Diversity of Thought Blog

What did eBrands learn from the Men@Work research commissioned by The 100% Project?

Kevin A Moore, Chairman of  eBrands, has written about his learnings from our Men@Work research event in Sydney Jul 2016. eBrands was one of our generous sponsors for this event.

females KPMG foyer
We were in the audience of a little under 100 execs, consultants and journalists at KPMG in Sydney last month. And the panel and interaction with the audience was animated, and the content very revenant to eBrands 17 year history. There isn’t an Employee Value Proposition (EVP) brief we work on that doesn’t have “diversity” and ”flexibility” within the body of the document. And there isn’t a solution we provide that doesn’t have both of these employee needs “tangibly” at the heart of the EVP solution we build with our client. I use the words” needs”, “tangible” and “solution” deliberately. Why?

Well for several reasons. No manner of engaging, innovative, and compelling  imagery or copy has ever truly brought an EVP to life. The tangible manifestation of the benefits of working for one organisation in preference to working for another is what comes from all good research, strategizing, solution shaping and creative delivery. It’s the tangible feeling of working alongside and interacting with a truly diverse team that is palpable. The freedom and productivity from experiencing a truly flexible work environment that harnesses technology, shares tasks with others and helps the real world environment through less travel time in traffic is rewarding for employees.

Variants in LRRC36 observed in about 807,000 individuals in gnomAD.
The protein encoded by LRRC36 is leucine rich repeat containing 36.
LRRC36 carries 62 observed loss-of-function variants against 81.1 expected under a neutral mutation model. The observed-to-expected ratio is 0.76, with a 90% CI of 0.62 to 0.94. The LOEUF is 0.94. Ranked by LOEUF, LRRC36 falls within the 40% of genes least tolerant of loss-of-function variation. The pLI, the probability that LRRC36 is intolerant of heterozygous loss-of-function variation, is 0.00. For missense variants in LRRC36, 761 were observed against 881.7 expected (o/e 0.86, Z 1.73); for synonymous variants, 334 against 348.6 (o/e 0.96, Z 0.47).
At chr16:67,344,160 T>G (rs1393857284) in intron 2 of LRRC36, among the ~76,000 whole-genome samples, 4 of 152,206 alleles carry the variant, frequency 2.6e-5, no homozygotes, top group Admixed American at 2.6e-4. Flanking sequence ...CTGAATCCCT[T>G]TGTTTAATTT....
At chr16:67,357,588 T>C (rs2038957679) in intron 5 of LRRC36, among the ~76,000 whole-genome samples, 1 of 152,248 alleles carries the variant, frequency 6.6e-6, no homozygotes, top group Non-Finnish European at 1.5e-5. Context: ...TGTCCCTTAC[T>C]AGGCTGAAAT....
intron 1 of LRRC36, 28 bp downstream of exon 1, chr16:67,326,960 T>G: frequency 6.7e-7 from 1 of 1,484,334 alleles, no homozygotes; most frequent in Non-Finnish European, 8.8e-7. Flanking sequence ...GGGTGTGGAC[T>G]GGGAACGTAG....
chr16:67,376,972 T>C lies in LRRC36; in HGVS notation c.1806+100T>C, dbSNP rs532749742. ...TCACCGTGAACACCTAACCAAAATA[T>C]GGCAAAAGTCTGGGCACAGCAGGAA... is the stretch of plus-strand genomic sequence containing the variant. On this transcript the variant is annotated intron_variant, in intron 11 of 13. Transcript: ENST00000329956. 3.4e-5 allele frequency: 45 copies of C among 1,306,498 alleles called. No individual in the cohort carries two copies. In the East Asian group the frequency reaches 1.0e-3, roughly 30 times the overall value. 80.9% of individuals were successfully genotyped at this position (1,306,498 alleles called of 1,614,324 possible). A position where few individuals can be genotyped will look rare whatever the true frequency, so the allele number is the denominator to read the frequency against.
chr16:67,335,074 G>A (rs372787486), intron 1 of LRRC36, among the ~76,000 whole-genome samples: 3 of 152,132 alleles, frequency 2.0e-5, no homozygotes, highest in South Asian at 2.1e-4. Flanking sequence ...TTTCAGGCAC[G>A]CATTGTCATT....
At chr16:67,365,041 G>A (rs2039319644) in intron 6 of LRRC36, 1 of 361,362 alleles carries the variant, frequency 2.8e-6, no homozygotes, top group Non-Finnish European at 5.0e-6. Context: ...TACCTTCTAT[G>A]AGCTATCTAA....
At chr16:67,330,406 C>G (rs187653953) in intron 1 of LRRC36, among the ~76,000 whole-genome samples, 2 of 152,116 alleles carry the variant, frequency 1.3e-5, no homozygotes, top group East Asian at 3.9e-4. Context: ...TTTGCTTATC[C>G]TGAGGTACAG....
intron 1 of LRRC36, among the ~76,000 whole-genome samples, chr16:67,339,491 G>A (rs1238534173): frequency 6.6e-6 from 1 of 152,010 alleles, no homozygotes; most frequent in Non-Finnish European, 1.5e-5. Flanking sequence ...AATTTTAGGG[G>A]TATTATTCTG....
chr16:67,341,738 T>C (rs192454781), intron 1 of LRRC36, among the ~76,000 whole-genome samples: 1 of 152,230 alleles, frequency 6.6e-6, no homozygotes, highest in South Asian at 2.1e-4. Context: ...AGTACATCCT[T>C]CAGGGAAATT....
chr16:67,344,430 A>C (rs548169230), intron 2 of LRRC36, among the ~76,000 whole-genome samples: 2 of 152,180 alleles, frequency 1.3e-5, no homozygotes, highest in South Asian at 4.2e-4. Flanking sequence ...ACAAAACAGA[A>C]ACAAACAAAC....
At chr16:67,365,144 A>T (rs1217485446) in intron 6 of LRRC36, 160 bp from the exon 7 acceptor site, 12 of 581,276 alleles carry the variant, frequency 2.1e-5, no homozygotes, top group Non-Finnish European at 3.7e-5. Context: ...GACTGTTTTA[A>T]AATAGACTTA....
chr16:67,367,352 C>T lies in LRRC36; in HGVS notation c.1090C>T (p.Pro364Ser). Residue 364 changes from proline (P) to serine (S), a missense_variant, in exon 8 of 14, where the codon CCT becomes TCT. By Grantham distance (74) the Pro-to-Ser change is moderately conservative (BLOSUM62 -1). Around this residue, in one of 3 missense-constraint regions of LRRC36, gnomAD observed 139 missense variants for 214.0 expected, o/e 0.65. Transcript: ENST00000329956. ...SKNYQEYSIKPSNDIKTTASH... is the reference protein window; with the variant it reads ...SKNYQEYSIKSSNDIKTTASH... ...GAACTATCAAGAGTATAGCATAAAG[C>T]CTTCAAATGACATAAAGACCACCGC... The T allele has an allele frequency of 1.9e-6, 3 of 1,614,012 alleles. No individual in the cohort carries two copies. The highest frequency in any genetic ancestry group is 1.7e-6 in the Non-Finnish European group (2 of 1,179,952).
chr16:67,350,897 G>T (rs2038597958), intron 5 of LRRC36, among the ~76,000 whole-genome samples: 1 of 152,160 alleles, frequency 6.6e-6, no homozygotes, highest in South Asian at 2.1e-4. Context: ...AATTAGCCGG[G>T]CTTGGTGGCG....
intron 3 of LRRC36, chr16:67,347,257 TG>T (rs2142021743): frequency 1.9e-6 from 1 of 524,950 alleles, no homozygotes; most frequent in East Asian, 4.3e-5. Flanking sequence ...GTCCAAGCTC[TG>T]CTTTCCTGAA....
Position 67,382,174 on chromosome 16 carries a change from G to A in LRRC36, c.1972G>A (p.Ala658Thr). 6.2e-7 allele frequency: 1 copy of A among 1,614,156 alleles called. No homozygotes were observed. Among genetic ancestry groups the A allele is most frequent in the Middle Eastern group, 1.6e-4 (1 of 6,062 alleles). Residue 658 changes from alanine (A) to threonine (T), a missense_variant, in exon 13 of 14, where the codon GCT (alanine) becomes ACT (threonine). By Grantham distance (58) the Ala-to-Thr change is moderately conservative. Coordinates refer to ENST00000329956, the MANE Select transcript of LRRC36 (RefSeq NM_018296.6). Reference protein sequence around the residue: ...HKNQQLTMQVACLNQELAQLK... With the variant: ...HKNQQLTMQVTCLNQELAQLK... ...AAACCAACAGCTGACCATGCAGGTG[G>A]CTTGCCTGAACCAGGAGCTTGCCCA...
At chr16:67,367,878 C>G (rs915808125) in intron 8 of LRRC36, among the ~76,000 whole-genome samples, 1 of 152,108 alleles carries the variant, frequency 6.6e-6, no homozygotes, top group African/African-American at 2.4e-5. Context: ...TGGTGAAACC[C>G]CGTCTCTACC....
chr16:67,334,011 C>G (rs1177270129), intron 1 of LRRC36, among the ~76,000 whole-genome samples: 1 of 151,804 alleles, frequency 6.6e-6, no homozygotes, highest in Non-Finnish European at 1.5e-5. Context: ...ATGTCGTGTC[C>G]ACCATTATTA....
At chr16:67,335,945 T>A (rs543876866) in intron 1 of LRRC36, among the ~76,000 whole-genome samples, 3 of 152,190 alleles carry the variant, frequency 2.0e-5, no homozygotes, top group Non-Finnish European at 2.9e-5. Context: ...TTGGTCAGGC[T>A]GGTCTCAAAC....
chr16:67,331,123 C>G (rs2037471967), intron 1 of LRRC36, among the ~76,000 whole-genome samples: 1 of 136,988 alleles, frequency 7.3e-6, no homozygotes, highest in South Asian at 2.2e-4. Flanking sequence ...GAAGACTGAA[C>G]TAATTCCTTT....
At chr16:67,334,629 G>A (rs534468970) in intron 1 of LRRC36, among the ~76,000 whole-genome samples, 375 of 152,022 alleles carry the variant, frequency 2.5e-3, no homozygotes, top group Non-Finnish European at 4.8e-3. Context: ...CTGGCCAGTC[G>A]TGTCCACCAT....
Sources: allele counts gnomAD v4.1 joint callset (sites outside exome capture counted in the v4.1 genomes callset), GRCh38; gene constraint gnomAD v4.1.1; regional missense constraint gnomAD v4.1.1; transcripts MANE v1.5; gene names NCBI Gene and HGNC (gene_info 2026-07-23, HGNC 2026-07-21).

These are the tangible and flexible bits. The “solution” element is that each of these different elements in the employee offering needs to be tailored to each individuals needs based on their life stage needs regardless, not because of their gender. A carer is carer, and their time, flexibility and carer needs are the same irrespective of gender. Whether caring for children, partners or extended  family. However, the big challenge for leaders in organisations is to  tangibly evidence that they believe this to be true, and evidence it in their actions. A male CXO very visibly arriving late or leaving early to spend time with children is a clear diversity message. A female CXO very visibly arriving late or leaving early to coach a sporting team is too. Most importantly is that the message in their actions is to ALL employees in the workplace.


The panel at the 100% Project “Men at Work” session varied in industry career path, ethnicity, gender and in the countries they’d worked in. Execs from KPMG, CBA, Google, to name just three. However, all agreed that to truly create a diverse working environment, all men and women had to be convinced through their leaders’ actions that could both have the same access to flexibility without any negative impact on their careers.

Kevin A Moore FAICD, MCIM, JP

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